There are a few initial expenses when you first get your dog. The cost of bowls, collars, tags, leads, beds, grooming equipment and car guards adds up to quite a sum but once bought do not need replacing very often.



If you go for a rescue dog vaccines, neutering and a health check are often done proir to adoption and are often included in the adoption fee. If vaccinating yearly then this will cost you around £70 and will probably not be covered by insurance, however it may not be necessary to get that done annually. Neutering will costs vary from vet to vet and is ussually £30-£190 with male castration costing less than a female spay. Microchipping costs around £20 gives you pet perminant ID. If you dont have adiquate savings to pay a large vets bill then I would suggest insurance.There are many tochoose from and your best bet is to look at price comparison sites for the best deal. Look for a policy that will protect your dog for life and for ongoing conditions, insurance for dogs starts at around £7 per month.



When looking at food I think it important to go for quality over price as a poor quality diet can lead to health problems. The best manufactured foods available in the uk in my opinion are Dry- Burns, james wellbeloved and orijin Wet- Burns, nature diet, natures menu and natures harvest. All these vary in cost and it would depend on the size, breed and activity level of the dog. As an example a 25kg would cost around 60p per day to be fed on burns. Anothe option is to do what I do and feed a raw diet based on raw, meaty bones, meat and organs. It cost me a bomb to feed this way as it is all organiclly sourced but some people who have a good relationship with their butcher can feed for pratically nothing. However as this is a veggie message board I presume you neither have a good relationship with your butcher nor want a freezer full of raw meat.



There are other ongoing costs to think about. All dogs need training and you may want to consider going to a local class to give you guidence, this will range from around £2 - £20 for a hour with private tutoring costing even more. You may also want to train at home in which case youy would need to invest in books and mabee equipment. Flea and worm treatment may also be needed and these vary in cost depending on brand and quality. Finally if you end up with a dog that needs professional grooming like a poodles,spaniels and some terriers then those costs will vary according to the style of clip, quality of groomer and how often the dog will need doing.



Hope that helps Punk_in_Drublic and welldone for researching - something that alot of would be dog owners dont bother to do. Good luck in finding a 4 legged friend if thats what you decide.
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#9 Old 01-14-2008, 01:19 PM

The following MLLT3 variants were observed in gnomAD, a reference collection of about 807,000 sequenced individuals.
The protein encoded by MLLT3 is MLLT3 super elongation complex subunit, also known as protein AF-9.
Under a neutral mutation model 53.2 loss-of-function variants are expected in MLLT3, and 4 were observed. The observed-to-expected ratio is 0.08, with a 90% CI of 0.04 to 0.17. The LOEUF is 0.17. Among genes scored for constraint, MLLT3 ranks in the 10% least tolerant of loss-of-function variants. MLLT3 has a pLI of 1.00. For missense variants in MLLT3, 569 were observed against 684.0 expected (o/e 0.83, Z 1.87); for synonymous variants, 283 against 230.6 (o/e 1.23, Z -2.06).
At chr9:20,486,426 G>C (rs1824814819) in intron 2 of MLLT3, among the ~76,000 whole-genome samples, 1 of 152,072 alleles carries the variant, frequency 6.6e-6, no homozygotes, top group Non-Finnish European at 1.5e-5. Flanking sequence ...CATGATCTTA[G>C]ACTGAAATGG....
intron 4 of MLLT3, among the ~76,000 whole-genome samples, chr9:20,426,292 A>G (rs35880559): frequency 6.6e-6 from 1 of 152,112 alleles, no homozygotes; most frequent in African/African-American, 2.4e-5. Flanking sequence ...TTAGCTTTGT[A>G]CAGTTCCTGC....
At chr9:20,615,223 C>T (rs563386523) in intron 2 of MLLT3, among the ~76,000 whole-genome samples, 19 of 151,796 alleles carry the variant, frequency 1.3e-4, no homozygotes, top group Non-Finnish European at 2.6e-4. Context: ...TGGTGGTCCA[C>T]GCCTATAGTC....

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Wow thank you so much Glitterpixie, that's brilliant. We'd be looking at a rescue dog, so i'm sure the centre would be able to provide us with information as well.



I think that's pretty much covered the lot, so i'll be able to pass that all onto my boyfriend so he can have a think about it.



Thank you !!!
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#10 Old 01-14-2008, 01:21 PM
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Quote:
Originally Posted by Glitterpixie View Post

This advice would certainly not ring true for all dogs and it is essential that new owners look at whether the individual dog will be suited to being left rather than presuming that it will 'just catch up on sleep'. Some working breeds, young puppies and dogs with seperation anxiety, if left for long periods could become stressed and destructive.

Sure, I agree it's good to consider. Although I had to laugh at your wording because that is exactly what I have right now.. two working breed dogs, one 5 month old puppy, and a dog with separation anxiety! And I'm often gone for 9 hours, occassionally as long as 12 hours, although I try to get a dog sitter to stop by when it's that long.
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#11 Old 01-14-2008, 01:32 PM
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Wow thank you so much Glitterpixie, that's brilliant. We'd be looking at a rescue dog, so i'm sure the centre would be able to provide us with information as well.



I think that's pretty much covered the lot, so i'll be able to pass that all onto my boyfriend so he can have a think about it.



Thank you !!!



Happy to help



Quote:
Sure, I agree it's good to consider. Although I had to laugh at your wording because that is exactly what I have right now.. two working breed dogs, one 5 month old puppy, and a dog with separation anxiety! And I'm often gone for 9 hours, occassionally as long as 12 hours, although I try to get a dog sitter to stop by when it's that long



Im not saying it can't work but it has the potential to go seriously wrong and I have seen too many dogs and owners suffer because they have made the totally wrong choice of dog for their circumstances.